“Muddy Thinking”

I  posted a few days ago on “muddy thinking” and how it bothers me. Here are a few more thoughts.

The more experienced I get in whatever I do, the more I seem to see so many either unable or unwilling to hold in mind pensieri limpidi which translated means clear thinking.

How often do we really take into account centuries of human effort to understand the world? How well do we know the history of philosophy, sociology, biology, psychology, ethics and religion? (I am referring to people who claim to be experts in their fields.) How well do we give due credit to the wide expanse of disciplines that can inform us as to who we are, where we are going and from whence we have come?

We worship too frequently at the altar of “specialization” to the detriment of knowledge of the truth. A microscope is very helpful, but never explains the entire organism under examination. Specialists in their field are needed, but good ones know what they don’t know and rely on colleagues in other disciplines to inform them.

The ability to think critically lies in each of us. This ability needs to be developed by means of a disciplined effort to obtain a truly human education in which mind, body and spirit are all approached with respect. The priest has as much to say about the human person as does the biologist. The philosopher’s insight is just as informative as is the physician’s.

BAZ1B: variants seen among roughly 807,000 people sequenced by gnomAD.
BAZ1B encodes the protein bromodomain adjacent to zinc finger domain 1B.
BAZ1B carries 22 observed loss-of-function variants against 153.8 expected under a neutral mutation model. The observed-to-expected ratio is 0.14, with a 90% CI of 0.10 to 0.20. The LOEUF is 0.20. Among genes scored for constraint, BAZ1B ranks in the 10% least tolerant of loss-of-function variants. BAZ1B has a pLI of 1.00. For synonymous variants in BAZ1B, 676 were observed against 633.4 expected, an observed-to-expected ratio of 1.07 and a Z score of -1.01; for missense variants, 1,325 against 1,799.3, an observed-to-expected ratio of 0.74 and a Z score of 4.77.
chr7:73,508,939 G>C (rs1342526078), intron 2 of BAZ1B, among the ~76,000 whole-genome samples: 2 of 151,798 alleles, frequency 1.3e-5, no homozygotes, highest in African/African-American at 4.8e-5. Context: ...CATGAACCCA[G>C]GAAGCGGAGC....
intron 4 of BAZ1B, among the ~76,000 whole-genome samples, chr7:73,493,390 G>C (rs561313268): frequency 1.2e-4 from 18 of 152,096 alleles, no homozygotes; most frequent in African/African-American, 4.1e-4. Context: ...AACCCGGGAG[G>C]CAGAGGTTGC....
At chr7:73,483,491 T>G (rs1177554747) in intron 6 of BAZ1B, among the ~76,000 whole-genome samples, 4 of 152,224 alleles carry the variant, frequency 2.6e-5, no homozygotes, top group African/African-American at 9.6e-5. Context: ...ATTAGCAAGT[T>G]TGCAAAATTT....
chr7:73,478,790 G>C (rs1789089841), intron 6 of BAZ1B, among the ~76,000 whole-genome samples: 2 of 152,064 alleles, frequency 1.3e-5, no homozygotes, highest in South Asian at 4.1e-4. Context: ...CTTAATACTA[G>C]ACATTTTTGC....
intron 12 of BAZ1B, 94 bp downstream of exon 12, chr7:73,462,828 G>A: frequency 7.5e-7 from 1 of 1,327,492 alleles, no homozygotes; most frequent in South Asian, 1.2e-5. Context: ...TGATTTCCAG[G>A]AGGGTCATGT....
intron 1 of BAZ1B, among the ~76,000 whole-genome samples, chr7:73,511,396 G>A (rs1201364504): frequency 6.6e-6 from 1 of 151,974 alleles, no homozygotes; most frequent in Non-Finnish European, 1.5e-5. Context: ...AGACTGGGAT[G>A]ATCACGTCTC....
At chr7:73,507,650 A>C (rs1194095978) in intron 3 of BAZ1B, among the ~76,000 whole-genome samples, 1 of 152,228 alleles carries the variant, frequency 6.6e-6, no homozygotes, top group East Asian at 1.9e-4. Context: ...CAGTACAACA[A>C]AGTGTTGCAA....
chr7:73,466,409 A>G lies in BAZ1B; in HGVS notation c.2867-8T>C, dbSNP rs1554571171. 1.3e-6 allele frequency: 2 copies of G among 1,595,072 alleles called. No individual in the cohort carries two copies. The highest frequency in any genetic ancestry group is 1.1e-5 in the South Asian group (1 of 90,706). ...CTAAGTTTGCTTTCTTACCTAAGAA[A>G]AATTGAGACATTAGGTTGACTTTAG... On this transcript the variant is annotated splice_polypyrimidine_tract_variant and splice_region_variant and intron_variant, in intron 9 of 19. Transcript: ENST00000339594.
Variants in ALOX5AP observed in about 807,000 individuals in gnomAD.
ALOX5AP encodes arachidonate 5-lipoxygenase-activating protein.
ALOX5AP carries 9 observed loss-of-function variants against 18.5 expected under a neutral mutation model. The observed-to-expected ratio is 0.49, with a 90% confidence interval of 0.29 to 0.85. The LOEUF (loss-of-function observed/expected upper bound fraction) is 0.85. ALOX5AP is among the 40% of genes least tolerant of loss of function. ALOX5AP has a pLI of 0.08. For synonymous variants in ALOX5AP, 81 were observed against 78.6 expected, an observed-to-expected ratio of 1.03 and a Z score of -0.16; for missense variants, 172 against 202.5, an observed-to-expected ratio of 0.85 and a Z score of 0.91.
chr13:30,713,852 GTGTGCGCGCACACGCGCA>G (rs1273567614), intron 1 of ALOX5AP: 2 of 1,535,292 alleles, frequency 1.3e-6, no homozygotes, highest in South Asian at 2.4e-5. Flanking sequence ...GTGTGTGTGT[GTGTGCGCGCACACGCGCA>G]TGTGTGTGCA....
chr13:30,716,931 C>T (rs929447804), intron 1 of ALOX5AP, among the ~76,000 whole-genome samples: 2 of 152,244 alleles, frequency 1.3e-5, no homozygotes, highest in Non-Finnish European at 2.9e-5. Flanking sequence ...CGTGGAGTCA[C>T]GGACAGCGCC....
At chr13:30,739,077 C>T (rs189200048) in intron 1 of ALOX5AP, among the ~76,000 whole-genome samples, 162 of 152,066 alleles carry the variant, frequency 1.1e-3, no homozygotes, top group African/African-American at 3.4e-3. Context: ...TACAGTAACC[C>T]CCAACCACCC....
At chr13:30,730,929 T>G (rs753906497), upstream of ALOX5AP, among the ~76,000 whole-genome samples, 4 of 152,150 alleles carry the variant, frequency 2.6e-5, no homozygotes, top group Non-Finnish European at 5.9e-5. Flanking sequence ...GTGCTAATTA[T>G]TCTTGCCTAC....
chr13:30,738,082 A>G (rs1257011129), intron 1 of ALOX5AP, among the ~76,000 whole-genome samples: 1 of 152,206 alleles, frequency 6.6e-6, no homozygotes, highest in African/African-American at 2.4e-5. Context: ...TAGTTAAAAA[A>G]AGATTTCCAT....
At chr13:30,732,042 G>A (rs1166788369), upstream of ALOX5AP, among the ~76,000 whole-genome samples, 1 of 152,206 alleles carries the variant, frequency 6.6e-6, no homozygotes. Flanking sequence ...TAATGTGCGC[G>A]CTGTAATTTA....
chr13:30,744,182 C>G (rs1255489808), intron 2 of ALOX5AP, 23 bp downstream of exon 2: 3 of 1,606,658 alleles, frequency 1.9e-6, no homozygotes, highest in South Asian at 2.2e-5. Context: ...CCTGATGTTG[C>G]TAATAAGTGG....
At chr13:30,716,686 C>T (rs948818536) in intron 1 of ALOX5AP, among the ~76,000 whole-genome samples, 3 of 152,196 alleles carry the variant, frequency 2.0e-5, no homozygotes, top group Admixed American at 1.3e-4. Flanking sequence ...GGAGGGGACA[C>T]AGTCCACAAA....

You might think that with specialization comes clarity. Perhaps in a very narrow sense. But I submit that in the long run an overemphasis on narrowness of observation or overreliance on one source of knowledge leads to “muddy thinking.”

Would you drink a glass of muddy water? Should we drink in, then, the muddy arguments and rationalizations who see things only from one point of view and reject out of hand what is not within their subjective focus?

Your thoughts?

About Deacon Bob

Moderator: Deacon Bob Yerhot of the Diocese of Winona, Minnesota.
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